LCBO's annual GoLocal campaign is in full swing, and I was surprised, and quite pleased, to see some newcomers and fresh rebranding in the shop's latest flyer. When and where had all these intriguing wineries popped up? Vinology? O'Leary? G.Marquis? More importantly, have I been living under the proverbial rock and missing all the fun?
(Not that I have a problem with the so-called "old guard"; if it weren't for them putting down roots decades ago when everyone thought they were nuts, we wouldn't be where we are today, with a wine industry worth celebrating.)
On the digital side of things, the LCBO embraced social media with its Twitter-fuelled promo site. Wineaux are weighing in with tweets about awesome Ontario wines: chefs tweeting about VQA-paired menus, photos of winemakers hoisting their glasses in a friendly salute, writers and critics describing their favourites. Even the Premier posted a video to praise our award-winning provincial refreshments.
Setting the "Ooooooo! Shiny!" factor aside, I put on my critical analysis hat and picked up a bottle of the Vinology White, a non-vintage blend of chardonnay, riesling, viognier and pinot noir. It's touted as "eminently quaffable" (a frequently spotted term that I'm still trying to understand) but I found it did far more than serve as a mere quaff. It had a wild, seductive nose and a mouthful of tropical fruit that kept on going. Medium bodied, could go either as a solo sipper or a supper pairing.
Between this campaign, summer travels in wine country and a fun night out with the folks at Hobbs & Co Wine Merchants, I've been celebrating our local talent with gusto. There's plenty of it out there to be had, so you don't have to wait until the LCBO says it's cool to go buy Ontario wines. Do it now.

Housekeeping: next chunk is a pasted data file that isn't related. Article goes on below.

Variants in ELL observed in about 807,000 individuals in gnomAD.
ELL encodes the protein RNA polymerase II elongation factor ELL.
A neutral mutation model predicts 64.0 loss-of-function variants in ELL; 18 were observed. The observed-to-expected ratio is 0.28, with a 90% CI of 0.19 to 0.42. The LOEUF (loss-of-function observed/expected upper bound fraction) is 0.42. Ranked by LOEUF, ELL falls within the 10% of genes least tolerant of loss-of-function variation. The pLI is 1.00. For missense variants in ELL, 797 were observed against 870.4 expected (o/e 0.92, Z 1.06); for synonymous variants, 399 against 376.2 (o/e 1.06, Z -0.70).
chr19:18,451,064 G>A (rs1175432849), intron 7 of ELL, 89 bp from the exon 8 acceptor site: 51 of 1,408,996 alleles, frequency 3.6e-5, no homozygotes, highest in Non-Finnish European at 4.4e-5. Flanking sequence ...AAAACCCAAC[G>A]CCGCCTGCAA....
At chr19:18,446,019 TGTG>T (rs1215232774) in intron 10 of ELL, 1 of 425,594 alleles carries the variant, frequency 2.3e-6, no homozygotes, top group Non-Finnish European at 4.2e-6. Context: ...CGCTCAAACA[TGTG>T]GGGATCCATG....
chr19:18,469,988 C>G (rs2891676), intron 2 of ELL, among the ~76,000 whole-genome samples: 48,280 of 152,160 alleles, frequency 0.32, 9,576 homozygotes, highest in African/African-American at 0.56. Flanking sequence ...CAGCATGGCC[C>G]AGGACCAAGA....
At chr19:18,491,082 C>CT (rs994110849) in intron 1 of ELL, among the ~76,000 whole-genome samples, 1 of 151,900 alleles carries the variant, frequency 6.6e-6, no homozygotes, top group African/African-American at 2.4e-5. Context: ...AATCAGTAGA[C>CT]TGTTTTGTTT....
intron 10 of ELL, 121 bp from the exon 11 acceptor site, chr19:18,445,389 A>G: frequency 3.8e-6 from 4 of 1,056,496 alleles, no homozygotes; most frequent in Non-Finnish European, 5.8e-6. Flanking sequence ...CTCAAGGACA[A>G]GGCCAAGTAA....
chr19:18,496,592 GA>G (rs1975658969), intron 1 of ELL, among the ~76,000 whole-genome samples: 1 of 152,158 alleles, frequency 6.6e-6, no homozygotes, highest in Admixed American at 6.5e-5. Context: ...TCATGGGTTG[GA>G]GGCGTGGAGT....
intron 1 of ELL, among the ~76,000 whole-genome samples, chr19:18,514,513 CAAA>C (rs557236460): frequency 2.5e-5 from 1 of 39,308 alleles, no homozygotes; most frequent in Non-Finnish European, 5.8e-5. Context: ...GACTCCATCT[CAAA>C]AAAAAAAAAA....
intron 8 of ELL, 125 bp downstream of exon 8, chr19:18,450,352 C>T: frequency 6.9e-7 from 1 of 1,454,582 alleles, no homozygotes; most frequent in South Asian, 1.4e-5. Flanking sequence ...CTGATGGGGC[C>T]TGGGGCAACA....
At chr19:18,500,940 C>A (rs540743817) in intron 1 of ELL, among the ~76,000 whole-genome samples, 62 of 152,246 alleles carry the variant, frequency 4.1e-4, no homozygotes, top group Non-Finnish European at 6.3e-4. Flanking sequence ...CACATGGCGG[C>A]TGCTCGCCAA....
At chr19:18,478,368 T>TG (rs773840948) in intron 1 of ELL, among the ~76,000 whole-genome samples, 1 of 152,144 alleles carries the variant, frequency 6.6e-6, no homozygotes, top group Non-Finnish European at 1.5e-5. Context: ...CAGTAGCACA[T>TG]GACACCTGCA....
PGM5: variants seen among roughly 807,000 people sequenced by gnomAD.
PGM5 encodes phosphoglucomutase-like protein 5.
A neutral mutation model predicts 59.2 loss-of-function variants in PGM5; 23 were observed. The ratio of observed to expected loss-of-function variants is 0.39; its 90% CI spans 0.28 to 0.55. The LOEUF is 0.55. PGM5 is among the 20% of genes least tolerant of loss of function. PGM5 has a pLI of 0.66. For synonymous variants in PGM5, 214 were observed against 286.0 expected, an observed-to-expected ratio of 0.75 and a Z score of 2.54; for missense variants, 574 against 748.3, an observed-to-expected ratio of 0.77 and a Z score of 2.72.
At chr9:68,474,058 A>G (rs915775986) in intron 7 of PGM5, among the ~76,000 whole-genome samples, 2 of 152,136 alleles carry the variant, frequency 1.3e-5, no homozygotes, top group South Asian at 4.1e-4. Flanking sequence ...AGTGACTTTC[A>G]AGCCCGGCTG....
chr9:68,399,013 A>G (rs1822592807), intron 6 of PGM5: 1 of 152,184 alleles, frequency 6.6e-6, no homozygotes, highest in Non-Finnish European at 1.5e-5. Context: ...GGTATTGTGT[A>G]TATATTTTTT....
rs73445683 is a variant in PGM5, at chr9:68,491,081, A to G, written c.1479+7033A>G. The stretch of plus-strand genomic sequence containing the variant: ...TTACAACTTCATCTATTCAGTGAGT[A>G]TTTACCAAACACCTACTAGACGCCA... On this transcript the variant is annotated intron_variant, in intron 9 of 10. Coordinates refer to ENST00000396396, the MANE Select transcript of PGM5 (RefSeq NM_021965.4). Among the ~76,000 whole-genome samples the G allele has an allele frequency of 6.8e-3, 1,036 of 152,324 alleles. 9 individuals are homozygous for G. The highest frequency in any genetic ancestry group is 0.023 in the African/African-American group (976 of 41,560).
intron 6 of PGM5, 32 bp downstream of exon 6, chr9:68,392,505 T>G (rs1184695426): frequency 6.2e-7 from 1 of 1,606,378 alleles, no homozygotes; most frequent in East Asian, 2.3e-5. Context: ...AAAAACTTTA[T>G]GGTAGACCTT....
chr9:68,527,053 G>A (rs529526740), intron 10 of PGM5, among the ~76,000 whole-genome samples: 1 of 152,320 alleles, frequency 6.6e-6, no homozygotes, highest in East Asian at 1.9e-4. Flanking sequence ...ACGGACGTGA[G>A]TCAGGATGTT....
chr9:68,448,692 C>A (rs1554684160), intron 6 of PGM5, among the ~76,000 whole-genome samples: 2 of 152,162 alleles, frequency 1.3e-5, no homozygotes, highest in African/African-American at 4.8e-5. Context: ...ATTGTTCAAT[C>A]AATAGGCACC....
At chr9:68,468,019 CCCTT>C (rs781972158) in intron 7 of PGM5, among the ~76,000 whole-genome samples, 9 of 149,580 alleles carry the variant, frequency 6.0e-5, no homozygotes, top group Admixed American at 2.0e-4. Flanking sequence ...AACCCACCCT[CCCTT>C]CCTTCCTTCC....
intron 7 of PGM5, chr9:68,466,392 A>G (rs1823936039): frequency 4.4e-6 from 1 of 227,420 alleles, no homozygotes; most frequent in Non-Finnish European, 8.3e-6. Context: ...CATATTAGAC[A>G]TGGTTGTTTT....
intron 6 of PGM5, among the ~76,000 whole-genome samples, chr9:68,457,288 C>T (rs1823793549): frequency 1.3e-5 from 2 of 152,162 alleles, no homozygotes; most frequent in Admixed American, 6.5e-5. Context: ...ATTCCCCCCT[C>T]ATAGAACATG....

Cave Spring Dolomite - Floral aromas with plentiful bubbles to tickle the nose. Tart Granny Smith apple dominates in the mouth, cranking up the acidity in equal proportions with the fizz.
Foreign Affair 2009 Riesling - A little puff of petrol and oodles of fresh pineapple on first approach. Tropical fruit wrapped up in a full, well-rounded and smooth mouthfeel with just the right bit of zip. Like most of their wines, this one was done appassimento style (drying grapes before pressing.) I am seeing more and more European winemaking styles and varietal selections popping up here and in the States ... and I'm loving it.
Good Earth Wine Company 2009 Chardonnay - This one napped in French oak barrels for roughly a year, imparting a subtle woody flavour in the midst of the creamy apple-pie-spice and caramel-popcorn profile. Soft, pleasant finish.
Hernder Estate 2002 Meritage - Tawny port-coloured with a cigar-box/leather nose, soft but carefully structured tannins, holding its own just fine after a decade, proving that Ontario wines have what it takes to age gracefully.
Creekside 'Undercurrent' 2007 Malbec/Syrah - Every so often Creekside sets certain plots of vines aside to "tinker with". This red blend is the result of one such tinkering. Muted berry with a hushed, cushy feel to it, the fruit becomes more prominent towards the finish, which is supported by round tannins.